pose to sisters and vice versa, although the former is more common: welcome to Groton. Nineteen pajama clad girls sit anxiously in their common room at check-in. There is a slight commotion outside, and the click of the door opening is audible. Footsteps thump and the common room door swings open to reveal an assembly of boys in various outfits (think suit jackets, vests…) but with one common feature: they are all shirtless.
They proceed to sing “You’re Beautiful” by James Blunt— off-key, lethargically, but adorably. A lone gentleman steps out of the group. He asks for the girls’ hands in sisterhood. This is the proposal. The tradition of brother/sister dorms is long-standing, dating all the way back to the year 2000 CE (according to the tentative guesses of a faculty member).The check-ins of girls’ dorms during the first weeks of school are peppered with anxious conversations about which boys’ dorm will propose to them.
Although I can’t speak from experience, I would guess that few boys’ dorm’s check-ins are dedicated to planning the expected proposals. And this raises questions asked by many over the past couple years: is the tradition of brother/sister dorms sexist? And does it foster sexist views?
My answer is no. The tradition is not inherently sexist, but I do believe that Groton students themselves tend to set gender expectations on brother/sister dorms. Although girls’ dorms do not outright say that the boys should propose, girls wait until they are proposed to. Girls are generally expected to bake for their brothers while the brothers rarely end up doing anything. And after the initial excitement passes, nothing comes of the brother/sister relationship until the boys start clamoring for baked goods and/or the girls start clamoring for a movie night.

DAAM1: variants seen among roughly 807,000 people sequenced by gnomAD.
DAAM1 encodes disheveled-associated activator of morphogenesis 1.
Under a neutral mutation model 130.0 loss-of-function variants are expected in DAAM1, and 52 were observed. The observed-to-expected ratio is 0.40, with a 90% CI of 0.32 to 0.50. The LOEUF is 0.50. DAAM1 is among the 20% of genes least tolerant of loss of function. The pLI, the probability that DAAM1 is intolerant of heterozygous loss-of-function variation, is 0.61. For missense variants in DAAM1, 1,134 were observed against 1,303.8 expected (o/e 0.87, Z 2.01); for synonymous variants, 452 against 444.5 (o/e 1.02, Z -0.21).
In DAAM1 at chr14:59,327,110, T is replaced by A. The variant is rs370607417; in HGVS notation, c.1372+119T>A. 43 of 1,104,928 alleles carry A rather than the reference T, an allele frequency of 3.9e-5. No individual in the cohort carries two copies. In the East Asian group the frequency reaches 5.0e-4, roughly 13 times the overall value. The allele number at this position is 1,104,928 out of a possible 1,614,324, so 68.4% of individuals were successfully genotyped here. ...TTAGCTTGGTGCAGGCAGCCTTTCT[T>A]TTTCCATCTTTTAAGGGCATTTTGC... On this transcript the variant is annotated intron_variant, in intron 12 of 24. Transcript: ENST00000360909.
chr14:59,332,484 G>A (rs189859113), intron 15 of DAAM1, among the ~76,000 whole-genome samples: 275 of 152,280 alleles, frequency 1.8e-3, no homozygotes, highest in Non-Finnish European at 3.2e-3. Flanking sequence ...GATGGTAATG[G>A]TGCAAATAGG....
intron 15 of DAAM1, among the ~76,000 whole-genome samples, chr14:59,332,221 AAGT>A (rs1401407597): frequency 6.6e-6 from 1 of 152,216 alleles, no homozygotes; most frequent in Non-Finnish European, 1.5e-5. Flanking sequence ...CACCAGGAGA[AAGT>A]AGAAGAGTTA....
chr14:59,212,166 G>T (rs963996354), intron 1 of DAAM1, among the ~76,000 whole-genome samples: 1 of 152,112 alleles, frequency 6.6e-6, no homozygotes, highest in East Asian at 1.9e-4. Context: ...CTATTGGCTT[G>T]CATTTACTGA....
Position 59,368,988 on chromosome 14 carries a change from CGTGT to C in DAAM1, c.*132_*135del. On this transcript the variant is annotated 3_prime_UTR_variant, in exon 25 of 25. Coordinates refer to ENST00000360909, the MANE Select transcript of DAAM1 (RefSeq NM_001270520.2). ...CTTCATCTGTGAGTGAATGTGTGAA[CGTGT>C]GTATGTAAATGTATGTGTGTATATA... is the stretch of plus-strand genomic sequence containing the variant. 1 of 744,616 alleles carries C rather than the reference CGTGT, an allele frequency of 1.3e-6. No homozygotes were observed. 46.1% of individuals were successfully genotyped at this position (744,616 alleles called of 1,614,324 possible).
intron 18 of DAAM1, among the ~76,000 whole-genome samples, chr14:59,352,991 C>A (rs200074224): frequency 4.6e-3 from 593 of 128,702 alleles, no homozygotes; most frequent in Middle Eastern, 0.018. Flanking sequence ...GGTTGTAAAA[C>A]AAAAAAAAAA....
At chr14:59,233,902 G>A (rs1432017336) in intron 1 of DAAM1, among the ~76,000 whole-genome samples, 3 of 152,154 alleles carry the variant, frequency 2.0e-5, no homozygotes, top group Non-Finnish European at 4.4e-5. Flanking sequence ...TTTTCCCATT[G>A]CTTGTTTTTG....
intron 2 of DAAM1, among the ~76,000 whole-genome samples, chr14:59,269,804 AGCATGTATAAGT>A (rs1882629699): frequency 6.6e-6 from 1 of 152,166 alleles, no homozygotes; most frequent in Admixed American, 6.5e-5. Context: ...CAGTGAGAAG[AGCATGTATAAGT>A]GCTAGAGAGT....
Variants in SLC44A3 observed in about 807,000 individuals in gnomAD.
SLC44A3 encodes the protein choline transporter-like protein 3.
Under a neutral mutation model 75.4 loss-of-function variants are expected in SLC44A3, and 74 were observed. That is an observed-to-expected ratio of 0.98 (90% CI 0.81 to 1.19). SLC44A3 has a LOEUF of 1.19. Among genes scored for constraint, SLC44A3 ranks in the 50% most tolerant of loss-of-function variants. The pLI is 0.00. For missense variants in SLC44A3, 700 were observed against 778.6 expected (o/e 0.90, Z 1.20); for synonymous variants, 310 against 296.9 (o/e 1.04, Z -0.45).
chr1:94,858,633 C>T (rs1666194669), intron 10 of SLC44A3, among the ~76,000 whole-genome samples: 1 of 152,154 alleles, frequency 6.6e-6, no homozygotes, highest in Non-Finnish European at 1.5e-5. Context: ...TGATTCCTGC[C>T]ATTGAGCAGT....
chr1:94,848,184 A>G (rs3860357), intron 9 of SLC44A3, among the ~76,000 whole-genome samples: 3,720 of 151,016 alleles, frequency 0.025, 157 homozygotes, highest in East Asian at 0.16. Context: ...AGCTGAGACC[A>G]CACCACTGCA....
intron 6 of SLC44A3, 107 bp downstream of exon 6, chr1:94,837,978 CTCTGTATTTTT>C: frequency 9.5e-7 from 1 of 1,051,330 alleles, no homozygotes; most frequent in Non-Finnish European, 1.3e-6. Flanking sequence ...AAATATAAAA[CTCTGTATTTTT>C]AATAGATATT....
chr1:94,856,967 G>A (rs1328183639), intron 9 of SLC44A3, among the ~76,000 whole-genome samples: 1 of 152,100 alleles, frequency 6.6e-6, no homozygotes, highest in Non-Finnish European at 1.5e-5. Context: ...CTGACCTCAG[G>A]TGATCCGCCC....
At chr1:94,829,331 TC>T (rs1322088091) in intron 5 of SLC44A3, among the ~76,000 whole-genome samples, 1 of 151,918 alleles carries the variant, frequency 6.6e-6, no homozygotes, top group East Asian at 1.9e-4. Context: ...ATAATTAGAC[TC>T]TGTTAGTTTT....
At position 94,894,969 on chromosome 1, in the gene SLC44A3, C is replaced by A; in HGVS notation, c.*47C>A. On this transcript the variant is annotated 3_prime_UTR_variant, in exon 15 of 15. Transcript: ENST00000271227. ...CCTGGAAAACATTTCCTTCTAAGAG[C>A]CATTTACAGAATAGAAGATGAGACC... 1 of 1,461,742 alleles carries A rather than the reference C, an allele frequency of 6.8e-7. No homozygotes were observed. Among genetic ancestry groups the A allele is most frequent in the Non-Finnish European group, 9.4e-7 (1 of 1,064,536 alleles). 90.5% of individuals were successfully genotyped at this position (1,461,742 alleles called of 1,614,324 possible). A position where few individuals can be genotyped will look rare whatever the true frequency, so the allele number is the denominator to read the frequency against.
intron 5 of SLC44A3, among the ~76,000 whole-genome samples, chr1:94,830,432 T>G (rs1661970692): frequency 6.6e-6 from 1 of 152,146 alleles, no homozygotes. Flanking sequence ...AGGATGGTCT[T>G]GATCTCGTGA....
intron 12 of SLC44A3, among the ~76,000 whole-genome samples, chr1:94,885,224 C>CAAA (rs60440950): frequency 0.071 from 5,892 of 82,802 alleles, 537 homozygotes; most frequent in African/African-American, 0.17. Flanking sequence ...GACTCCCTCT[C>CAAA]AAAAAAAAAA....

Girls’ dorms rarely propose to boys’ dorms; when it does happen, the most common instance is when an Upper School girls’ dorm proposes to a Lower School boys’ dorm. Boys rarely do anything for their sisters, yet they complain that it is because their sisters never do anything for them. It becomes a whiny cycle in which nobody gets up off his or her butt to make the brother/sister dorm relationship fun.
First off, proposals should be more creative and less one-sided. Girls: there is nothing wrong with making the first move. I know girls would be capable of some pretty epic proposals. Guys: Step it up. Singing a cute song isn’t all that cute if you don’t know the words and if you sing it like a zombie. It’s also been done a million times before.
Now everybody: work together to facilitate some kind of enjoyable, functional relationship. It’ll make your lives at least a little more fun, I promise. And one more thing— going back to Mr. Maqubela’s chapel talk last week, make sure everyone is included. If there is a dorm that hasn’t been proposed to yet, propose to them! If your dorm hasn’t been proposed to yet, pull a Millikingdom 2013 and propose to Alaric (he will bake you delicious cookies, multiple times throughout the year). Brother/sister dorms are double-sided problems. Both boys and girls are unsatisfied with the current circumstances; both sides are making complaints. So don’t sit around whining about how your brother or sister dorm does nothing for you. Quid pro quo, and all those good sayings (thank you Dr. Ross). Plan a movie night, have a dodgeball game, throw a Halloween party, go on a stargazing trip. It’s up to you.